It's almost underwhelming, now--De Palma-philes were prepared for an event, and The Black Dahlia, to my mind anyway, doesn't feel like one. It's clearly the most "commercial-minded" of De Palma's films since Mission: Imposible. That film has slowly revealed to us some hidden beauties over the years--we'll have to wait and see if The Black Dahlia does likewise.
The trouble (trouble?) is that it's actually a good genre film if you ask me. If Joe No-name were the credited director, people would (or, hypothetically, should) be saying it is a nice yarn, for all the limited positivity of such a statement. I don't understand the negative reviews, or rather, I can't put myself in the mindset of their magnitude. The movie is convoluted, sure, but it's hardly impossible to follow. Its overall shape is nice and rounded--The Black Dahlia affects a lot of different tones (e.g., Fiona Shaw's performance set up next to a sultry Hilary Swank!?) and I think it accomplished this risky business competently.
Specialists of the genre can feel free to challenge me on this, but--it would seem to me that the neo-noirs of the 1970s (the first times that people decided they'd make films that were specifically noirs and not "crime movies" or the like) gave way to the neo-neo-noirs of roughly the last decade, where historical signification is highly important and must be coded as stylishness above style-neutrality at all costs (Devil in a Blue Dress; The Funeral; L.A. Confidential) ... De Palma is a perfect "hired hand" for this sort of thing! This form of 'history' being merely the constellation of the properly satisfying (not always correct) semiotic codes, a way of presencing our past (so to speak), this is precisely what De Palma does before he even worries about the meatier questions that consume him as an artist. And the workings which come from the genre and (I can only assume) the Ellroy novel, wherein Josh Harnett's character has to reconfigure events and images he's already seen but (he realizes) has drastically misunderstood and wrongly evaluated ... that's a straight-up De Palma trope. Of course, from the sampling I've done of negative reviewing, it seems that some people are disappointed that De Palma didn't do more of "his" techniques, no bold and baroque flourishes (which I suppose were wanted to merely embellish and intensify the kewl genre trappings?). I empathize with this brand of disappointment--but I wonder why there were so few such BDP defenders with Mission to Mars and Femme Fatale, generic failures that were actually quite impressive films full of De Palma goodness?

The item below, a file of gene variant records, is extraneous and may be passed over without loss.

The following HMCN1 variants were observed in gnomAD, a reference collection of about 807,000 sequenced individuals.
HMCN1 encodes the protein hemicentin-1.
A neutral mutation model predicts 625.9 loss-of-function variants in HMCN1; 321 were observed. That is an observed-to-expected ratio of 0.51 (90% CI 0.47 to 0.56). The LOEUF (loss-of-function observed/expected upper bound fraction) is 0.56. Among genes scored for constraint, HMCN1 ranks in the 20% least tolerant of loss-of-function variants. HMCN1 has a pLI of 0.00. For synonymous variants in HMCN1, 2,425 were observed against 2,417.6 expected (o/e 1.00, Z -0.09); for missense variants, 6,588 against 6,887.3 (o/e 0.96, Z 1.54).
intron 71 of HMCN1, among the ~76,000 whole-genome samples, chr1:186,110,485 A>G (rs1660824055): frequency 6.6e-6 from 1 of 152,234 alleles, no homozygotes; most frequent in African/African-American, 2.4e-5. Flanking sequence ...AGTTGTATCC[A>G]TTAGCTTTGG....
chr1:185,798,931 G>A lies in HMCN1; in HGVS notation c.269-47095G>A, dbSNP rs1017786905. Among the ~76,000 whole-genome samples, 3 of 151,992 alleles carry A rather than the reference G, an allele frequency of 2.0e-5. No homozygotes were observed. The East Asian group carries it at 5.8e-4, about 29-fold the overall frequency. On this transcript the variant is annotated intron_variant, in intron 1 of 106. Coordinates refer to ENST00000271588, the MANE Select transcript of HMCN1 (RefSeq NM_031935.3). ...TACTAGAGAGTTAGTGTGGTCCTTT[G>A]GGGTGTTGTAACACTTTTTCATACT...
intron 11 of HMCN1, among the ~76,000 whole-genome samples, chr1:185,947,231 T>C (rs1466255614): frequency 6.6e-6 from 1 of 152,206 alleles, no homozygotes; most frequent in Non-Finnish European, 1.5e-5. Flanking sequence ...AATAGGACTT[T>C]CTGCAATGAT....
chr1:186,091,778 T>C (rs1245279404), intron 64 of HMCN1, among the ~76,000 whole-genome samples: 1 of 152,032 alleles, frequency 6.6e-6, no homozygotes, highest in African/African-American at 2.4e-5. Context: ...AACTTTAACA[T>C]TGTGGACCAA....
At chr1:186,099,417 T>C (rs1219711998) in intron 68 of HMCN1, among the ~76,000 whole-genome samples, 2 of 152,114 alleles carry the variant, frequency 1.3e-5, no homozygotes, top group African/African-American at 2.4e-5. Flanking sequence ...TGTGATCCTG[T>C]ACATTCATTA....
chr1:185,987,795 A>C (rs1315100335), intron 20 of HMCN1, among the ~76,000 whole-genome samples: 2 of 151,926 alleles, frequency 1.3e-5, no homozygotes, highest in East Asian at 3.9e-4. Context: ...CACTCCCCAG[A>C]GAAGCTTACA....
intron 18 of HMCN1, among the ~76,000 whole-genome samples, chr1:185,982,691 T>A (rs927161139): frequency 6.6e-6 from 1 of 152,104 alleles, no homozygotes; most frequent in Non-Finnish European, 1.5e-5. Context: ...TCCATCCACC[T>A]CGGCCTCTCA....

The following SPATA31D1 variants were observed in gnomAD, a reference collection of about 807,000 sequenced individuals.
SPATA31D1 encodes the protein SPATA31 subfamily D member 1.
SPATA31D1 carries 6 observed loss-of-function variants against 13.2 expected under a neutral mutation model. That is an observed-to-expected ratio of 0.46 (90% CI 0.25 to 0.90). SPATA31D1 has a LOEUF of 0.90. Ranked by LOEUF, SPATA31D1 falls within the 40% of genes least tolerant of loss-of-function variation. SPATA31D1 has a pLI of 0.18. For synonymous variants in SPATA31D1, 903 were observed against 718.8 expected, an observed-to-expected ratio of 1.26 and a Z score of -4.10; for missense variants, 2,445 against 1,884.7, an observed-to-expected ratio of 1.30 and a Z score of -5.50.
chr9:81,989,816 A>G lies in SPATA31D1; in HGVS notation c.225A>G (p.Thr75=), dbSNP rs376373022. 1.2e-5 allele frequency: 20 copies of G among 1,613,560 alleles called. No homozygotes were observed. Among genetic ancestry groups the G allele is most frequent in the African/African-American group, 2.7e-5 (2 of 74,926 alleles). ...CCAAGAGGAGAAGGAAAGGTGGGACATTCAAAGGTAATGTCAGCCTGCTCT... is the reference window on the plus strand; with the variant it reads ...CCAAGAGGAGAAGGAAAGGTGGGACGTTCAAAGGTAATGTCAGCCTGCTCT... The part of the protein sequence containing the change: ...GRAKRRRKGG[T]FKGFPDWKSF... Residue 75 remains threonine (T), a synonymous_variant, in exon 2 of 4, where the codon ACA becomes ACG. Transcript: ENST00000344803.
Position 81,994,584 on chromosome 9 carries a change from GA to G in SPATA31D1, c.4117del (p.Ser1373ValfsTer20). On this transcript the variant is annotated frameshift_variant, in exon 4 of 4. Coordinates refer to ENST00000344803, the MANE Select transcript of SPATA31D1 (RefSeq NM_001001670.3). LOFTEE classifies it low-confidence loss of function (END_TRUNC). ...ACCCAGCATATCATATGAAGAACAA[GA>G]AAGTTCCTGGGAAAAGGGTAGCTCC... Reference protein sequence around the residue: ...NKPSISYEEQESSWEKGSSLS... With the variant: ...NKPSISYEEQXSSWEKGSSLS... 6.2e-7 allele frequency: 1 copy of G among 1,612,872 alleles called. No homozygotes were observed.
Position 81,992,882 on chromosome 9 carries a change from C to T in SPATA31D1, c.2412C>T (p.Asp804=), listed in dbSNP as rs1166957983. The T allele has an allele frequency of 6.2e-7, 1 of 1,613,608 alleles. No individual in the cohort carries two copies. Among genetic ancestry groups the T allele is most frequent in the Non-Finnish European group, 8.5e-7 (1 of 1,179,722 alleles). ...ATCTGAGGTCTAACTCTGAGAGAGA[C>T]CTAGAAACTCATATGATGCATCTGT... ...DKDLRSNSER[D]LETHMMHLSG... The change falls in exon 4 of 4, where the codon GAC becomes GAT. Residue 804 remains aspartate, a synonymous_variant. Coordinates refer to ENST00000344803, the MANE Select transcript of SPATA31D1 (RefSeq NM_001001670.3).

So this is where I feel bad wishing that there were something more from The Black Dahlia. On its modest terms, it's perfectly fine--ten or twenty years from now, maybe the film won't appear to be anything too special. (FYI, Keith Uhlich makes a worthy early case that it is special.) But neither will it--would it--appear a blight on De Palma's or any comparable filmmaker's filmography. I'm not saying the film is devoid of interest for fans, that it is 100% a "job of work" and nothing more. But my impression upon first viewing is that it's accomplished studio filmmaking made by a man exceptionally well-suited for this project, with only minor interest in terms of the De Palma vision, worldview, or stylistic development.